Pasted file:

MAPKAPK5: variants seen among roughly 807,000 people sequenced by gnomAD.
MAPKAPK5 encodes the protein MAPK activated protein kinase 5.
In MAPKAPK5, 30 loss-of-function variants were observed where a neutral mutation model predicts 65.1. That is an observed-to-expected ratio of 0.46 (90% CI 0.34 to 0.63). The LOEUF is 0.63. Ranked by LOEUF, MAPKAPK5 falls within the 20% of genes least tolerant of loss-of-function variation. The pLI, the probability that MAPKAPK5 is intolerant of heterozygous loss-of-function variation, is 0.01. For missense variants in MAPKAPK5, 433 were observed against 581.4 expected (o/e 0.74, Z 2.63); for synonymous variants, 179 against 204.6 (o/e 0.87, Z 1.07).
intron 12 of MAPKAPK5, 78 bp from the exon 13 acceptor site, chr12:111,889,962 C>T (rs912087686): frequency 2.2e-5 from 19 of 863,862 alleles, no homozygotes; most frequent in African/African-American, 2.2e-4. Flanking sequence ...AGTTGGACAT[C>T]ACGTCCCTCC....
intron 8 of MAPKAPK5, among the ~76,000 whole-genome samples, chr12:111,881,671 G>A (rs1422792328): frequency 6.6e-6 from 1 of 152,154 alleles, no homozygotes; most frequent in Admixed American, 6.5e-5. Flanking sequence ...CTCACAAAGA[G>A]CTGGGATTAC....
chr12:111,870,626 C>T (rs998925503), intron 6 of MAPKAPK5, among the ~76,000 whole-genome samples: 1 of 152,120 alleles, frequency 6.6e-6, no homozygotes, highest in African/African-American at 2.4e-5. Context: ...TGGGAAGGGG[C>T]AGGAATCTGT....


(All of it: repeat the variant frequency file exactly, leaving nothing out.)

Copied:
MAPKAPK5: variants seen among roughly 807,000 people sequenced by gnomAD.
MAPKAPK5 encodes the protein MAPK activated protein kinase 5.
In MAPKAPK5, 30 loss-of-function variants were observed where a neutral mutation model predicts 65.1. That is an observed-to-expected ratio of 0.46 (90% CI 0.34 to 0.63). The LOEUF is 0.63. Ranked by LOEUF, MAPKAPK5 falls within the 20% of genes least tolerant of loss-of-function variation. The pLI, the probability that MAPKAPK5 is intolerant of heterozygous loss-of-function variation, is 0.01. For missense variants in MAPKAPK5, 433 were observed against 581.4 expected (o/e 0.74, Z 2.63); for synonymous variants, 179 against 204.6 (o/e 0.87, Z 1.07).
intron 12 of MAPKAPK5, 78 bp from the exon 13 acceptor site, chr12:111,889,962 C>T (rs912087686): frequency 2.2e-5 from 19 of 863,862 alleles, no homozygotes; most frequent in African/African-American, 2.2e-4. Flanking sequence ...AGTTGGACAT[C>T]ACGTCCCTCC....
intron 8 of MAPKAPK5, among the ~76,000 whole-genome samples, chr12:111,881,671 G>A (rs1422792328): frequency 6.6e-6 from 1 of 152,154 alleles, no homozygotes; most frequent in Admixed American, 6.5e-5. Flanking sequence ...CTCACAAAGA[G>A]CTGGGATTAC....
chr12:111,870,626 C>T (rs998925503), intron 6 of MAPKAPK5, among the ~76,000 whole-genome samples: 1 of 152,120 alleles, frequency 6.6e-6, no homozygotes, highest in African/African-American at 2.4e-5. Context: ...TGGGAAGGGG[C>T]AGGAATCTGT....